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Sensory Integration

“The neurological process that organizes sensation from one's own body and from the environment and makes it possible to use the body effectively with the environment.” (Ayres 1972)

Sensory Integration (SI), as originated by A. Jean Ayres, an occupational therapist, psychologist, and neuroscientist, is a theory and practice that targets a person’s ability to process and internally integrate sensory information from their body and environment.  Over time, SI has gained scientific validation and has been transitioned from theory to evidence-based practice for use with children with autism and applications have been broadly applied with individuals with a variety of disabilities and age groups, including children with learning and behavior differences.

In essence, sensory integration theory underscores how our senses collaborate to shape our perception, behavior, and ability to navigate the world. It’s a symphony of neural activity, orchestrated by our remarkable brains.  ASI intervention is where science meets play, where neurons dance, and where adaptive responses bloom. 

Key Components of SI Theory and Intervention:

Types of Sensory Information:

  • Tactile: Information related to touch and pressure on the skin.

  • Visual: Information received through our eyes, allowing us to perceive the world around us.

  • Auditory: Pertains to sound and hearing.

  • Gustatory: Relates to taste and flavors.

  • Olfactory: Involves our sense of smell.

  • Proprioceptive: Concerns our awareness of body position and movement.

  • Vestibular: Refers to balance and spatial orientation.

  • Interoceptive: Relates to internal sensations such as hunger, thirst, and pain.

Processing in the Brain:

All this sensory information converges in our brain, where it is meticulously organized and interpreted.  Neurons fire, neural pathways light up, and our brain weaves together a rich tapestry of sensory experiences.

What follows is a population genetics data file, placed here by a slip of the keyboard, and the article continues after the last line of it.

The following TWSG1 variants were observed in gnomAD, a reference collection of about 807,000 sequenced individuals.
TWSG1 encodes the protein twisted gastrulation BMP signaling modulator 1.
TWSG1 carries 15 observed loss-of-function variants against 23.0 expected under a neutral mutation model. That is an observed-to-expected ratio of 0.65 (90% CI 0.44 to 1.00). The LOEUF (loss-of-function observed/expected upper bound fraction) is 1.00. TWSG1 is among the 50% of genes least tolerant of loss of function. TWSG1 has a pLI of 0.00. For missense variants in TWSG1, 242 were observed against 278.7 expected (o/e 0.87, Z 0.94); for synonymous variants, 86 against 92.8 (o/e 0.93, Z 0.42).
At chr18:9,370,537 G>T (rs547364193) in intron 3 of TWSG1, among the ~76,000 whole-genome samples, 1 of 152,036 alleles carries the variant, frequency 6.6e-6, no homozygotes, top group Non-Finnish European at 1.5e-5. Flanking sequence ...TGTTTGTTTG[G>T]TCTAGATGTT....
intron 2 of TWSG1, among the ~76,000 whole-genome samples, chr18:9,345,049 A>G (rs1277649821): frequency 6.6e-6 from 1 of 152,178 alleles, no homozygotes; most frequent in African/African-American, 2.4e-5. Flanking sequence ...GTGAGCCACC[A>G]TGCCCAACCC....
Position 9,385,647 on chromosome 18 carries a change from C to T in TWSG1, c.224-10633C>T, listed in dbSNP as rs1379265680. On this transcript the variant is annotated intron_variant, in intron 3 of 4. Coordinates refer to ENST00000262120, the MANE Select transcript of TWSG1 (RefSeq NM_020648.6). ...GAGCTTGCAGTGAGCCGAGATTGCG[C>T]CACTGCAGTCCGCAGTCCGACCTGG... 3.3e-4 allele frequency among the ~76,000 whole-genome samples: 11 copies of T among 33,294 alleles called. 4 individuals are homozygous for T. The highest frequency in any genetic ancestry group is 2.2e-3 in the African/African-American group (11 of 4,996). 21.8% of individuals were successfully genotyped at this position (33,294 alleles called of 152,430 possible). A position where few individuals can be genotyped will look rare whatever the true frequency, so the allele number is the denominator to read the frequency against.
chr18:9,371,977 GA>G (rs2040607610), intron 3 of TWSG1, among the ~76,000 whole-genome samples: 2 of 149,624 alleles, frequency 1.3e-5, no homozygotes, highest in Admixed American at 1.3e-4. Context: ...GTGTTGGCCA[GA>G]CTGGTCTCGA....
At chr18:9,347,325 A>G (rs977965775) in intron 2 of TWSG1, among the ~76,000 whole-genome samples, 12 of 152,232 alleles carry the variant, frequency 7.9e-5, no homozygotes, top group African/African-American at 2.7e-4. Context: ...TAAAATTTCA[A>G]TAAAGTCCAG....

Adaptive Responses:

Armed with this sensory input, our brain formulates an adaptive response.  This response is tailored to the specific demands of our environment. For instance: If we touch a hot stove (tactile input), our brain signals us to withdraw our hand (adaptive response). When we hear a loud noise (auditory input), our startle reflex kicks in (adaptive response).  Whether it’s buttoning a shirt, crossing the street, tying shoelaces, catching a ball, sitting still during a lesson, or staying focused in class, ASI® fine-tunes our responses.

Individually Tailored Activities:

ASI® crafts activities that precisely match an individual’s existing sensory processing and motor patterns for the “just right” challenge.  By engaging with these activities, individuals learn to navigate their sensory world more effectively.

Encouraging Movement and Organization:

ASI® encourages movement and self-organization in time and space.

Therapists and Clinical Settings with Specialized Equipment

OTs create a safe space where growth happens.  Classic intervention provides tactile, visual, proprioceptive, and vestibular opportunities in a structured manner in collaboration with primary caregivers.  ASI® employs purposeful and playful activities that don’t feel like work.

Get Started Today

Learn more about how I can help your child through personalized therapy rooted in Ayres Sensory Integration and the SOS Approach to Feeding.

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